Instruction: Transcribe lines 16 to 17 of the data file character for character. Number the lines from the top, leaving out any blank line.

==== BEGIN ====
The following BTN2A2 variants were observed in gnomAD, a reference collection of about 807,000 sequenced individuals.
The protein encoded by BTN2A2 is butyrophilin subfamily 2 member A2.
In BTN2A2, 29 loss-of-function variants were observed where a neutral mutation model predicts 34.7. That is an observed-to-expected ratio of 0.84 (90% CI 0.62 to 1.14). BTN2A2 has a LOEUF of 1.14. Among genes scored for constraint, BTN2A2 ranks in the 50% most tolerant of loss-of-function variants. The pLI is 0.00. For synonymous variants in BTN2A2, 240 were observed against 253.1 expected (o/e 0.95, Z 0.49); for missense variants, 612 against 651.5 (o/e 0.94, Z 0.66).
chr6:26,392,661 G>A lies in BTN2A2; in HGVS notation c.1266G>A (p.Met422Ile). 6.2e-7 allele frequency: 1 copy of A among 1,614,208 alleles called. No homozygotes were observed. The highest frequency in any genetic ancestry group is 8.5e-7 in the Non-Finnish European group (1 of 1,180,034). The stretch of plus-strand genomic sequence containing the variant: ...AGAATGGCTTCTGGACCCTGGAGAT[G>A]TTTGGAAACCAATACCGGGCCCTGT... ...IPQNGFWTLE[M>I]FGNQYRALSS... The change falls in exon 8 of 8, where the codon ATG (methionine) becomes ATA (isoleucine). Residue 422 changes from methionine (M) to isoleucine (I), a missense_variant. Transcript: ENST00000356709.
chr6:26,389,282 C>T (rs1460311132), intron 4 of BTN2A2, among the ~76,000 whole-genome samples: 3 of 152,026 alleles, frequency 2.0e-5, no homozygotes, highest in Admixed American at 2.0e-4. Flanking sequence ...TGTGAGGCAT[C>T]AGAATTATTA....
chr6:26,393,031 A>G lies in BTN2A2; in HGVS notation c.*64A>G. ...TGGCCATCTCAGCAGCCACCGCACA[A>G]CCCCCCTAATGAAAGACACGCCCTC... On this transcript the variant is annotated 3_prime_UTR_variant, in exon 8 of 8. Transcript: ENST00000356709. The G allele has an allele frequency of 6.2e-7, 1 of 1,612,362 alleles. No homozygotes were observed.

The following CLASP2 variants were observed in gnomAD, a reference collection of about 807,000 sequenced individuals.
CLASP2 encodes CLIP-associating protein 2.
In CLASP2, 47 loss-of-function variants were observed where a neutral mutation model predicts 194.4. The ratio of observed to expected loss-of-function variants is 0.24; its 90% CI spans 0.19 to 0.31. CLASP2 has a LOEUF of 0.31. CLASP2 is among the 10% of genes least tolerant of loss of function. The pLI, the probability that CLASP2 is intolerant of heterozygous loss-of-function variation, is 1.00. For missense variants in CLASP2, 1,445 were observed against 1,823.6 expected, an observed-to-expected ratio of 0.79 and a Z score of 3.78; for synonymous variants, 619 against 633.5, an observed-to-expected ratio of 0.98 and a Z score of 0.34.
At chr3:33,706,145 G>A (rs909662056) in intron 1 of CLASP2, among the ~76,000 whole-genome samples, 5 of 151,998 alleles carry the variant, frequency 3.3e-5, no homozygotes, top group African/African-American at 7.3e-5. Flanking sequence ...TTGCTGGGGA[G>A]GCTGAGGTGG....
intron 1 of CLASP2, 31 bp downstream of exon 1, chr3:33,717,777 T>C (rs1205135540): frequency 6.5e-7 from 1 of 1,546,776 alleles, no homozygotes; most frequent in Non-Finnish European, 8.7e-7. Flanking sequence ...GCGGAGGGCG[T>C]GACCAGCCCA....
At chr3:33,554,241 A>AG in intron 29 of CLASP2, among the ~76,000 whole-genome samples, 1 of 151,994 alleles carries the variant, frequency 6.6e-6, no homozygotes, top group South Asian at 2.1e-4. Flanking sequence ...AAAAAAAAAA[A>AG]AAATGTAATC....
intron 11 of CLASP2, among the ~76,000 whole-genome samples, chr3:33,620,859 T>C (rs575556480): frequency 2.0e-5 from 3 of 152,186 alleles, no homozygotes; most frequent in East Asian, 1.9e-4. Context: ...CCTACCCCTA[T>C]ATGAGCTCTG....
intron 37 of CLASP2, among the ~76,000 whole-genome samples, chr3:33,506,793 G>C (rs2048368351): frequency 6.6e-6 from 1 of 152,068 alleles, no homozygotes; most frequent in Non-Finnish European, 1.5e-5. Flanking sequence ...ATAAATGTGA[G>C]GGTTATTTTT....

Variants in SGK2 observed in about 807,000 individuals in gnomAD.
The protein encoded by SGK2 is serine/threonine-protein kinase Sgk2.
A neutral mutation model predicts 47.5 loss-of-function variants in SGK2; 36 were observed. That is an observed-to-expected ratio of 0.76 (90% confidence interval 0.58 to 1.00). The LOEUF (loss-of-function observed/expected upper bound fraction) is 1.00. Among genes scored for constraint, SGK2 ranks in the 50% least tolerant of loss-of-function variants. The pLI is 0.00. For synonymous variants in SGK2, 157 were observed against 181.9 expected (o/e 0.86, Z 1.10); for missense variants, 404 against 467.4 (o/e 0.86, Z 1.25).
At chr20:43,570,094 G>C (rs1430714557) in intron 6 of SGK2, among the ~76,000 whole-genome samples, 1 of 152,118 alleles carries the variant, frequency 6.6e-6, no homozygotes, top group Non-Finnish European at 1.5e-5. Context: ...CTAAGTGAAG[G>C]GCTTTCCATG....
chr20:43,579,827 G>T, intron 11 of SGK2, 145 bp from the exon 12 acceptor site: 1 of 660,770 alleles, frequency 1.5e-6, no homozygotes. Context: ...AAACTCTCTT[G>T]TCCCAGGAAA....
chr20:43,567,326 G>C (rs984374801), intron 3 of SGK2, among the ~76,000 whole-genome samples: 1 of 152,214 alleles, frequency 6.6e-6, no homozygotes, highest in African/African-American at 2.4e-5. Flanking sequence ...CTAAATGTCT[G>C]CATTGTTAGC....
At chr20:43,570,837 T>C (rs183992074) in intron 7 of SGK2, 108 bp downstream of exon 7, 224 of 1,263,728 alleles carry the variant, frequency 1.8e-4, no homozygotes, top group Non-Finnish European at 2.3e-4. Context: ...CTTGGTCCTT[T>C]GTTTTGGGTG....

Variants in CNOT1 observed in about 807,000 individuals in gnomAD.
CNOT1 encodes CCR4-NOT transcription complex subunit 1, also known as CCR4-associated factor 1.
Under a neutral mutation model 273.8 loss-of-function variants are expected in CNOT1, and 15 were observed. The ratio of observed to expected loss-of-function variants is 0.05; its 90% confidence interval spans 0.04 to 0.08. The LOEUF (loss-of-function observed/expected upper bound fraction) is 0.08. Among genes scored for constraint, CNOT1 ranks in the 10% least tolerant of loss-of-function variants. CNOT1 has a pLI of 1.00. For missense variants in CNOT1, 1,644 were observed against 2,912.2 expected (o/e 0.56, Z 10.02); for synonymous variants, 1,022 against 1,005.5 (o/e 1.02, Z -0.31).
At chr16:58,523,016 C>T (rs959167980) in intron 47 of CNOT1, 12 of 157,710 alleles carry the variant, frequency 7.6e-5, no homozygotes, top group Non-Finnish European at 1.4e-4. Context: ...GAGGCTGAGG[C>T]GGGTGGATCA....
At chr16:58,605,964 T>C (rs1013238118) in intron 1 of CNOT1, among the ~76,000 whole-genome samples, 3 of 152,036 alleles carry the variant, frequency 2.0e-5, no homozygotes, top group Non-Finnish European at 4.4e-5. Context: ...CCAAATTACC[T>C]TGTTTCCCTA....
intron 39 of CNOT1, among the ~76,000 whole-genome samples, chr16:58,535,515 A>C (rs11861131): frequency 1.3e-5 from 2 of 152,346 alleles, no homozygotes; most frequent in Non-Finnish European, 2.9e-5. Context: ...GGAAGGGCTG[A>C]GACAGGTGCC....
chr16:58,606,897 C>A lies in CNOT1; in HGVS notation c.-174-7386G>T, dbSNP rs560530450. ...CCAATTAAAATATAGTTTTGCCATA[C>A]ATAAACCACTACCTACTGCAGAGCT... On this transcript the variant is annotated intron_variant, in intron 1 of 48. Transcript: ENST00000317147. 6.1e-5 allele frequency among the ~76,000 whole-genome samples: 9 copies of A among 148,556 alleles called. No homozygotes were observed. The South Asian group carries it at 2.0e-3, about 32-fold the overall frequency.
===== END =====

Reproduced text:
The protein encoded by SGK2 is serine/threonine-protein kinase Sgk2.
A neutral mutation model predicts 47.5 loss-of-function variants in SGK2; 36 were observed. That is an observed-to-expected ratio of 0.76 (90% confidence interval 0.58 to 1.00). The LOEUF (loss-of-function observed/expected upper bound fraction) is 1.00. Among genes scored for constraint, SGK2 ranks in the 50% least tolerant of loss-of-function variants. The pLI is 0.00. For synonymous variants in SGK2, 157 were observed against 181.9 expected (o/e 0.86, Z 1.10); for missense variants, 404 against 467.4 (o/e 0.86, Z 1.25).